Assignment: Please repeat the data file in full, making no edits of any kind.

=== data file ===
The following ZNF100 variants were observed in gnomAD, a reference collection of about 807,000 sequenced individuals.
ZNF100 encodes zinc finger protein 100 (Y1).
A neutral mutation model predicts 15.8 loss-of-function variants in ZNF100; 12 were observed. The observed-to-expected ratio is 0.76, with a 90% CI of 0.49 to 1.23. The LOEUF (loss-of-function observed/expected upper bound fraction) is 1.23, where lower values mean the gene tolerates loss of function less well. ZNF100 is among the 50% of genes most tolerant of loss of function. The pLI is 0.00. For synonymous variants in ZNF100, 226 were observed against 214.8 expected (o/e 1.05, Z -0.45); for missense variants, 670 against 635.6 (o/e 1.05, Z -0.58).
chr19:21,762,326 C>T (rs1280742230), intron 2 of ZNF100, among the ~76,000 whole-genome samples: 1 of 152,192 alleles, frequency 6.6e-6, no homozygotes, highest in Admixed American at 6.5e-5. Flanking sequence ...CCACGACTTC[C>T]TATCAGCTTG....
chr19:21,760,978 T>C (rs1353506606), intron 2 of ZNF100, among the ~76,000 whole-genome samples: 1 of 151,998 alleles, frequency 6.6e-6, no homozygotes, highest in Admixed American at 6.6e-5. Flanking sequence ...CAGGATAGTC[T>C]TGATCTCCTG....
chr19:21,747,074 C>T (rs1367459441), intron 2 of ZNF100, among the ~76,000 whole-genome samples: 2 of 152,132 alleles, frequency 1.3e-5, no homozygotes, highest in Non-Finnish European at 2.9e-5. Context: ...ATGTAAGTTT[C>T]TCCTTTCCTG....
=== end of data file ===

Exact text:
The following ZNF100 variants were observed in gnomAD, a reference collection of about 807,000 sequenced individuals.
ZNF100 encodes zinc finger protein 100 (Y1).
A neutral mutation model predicts 15.8 loss-of-function variants in ZNF100; 12 were observed. The observed-to-expected ratio is 0.76, with a 90% CI of 0.49 to 1.23. The LOEUF (loss-of-function observed/expected upper bound fraction) is 1.23, where lower values mean the gene tolerates loss of function less well. ZNF100 is among the 50% of genes most tolerant of loss of function. The pLI is 0.00. For synonymous variants in ZNF100, 226 were observed against 214.8 expected (o/e 1.05, Z -0.45); for missense variants, 670 against 635.6 (o/e 1.05, Z -0.58).
chr19:21,762,326 C>T (rs1280742230), intron 2 of ZNF100, among the ~76,000 whole-genome samples: 1 of 152,192 alleles, frequency 6.6e-6, no homozygotes, highest in Admixed American at 6.5e-5. Flanking sequence ...CCACGACTTC[C>T]TATCAGCTTG....
chr19:21,760,978 T>C (rs1353506606), intron 2 of ZNF100, among the ~76,000 whole-genome samples: 1 of 151,998 alleles, frequency 6.6e-6, no homozygotes, highest in Admixed American at 6.6e-5. Flanking sequence ...CAGGATAGTC[T>C]TGATCTCCTG....
chr19:21,747,074 C>T (rs1367459441), intron 2 of ZNF100, among the ~76,000 whole-genome samples: 2 of 152,132 alleles, frequency 1.3e-5, no homozygotes, highest in Non-Finnish European at 2.9e-5. Context: ...ATGTAAGTTT[C>T]TCCTTTCCTG....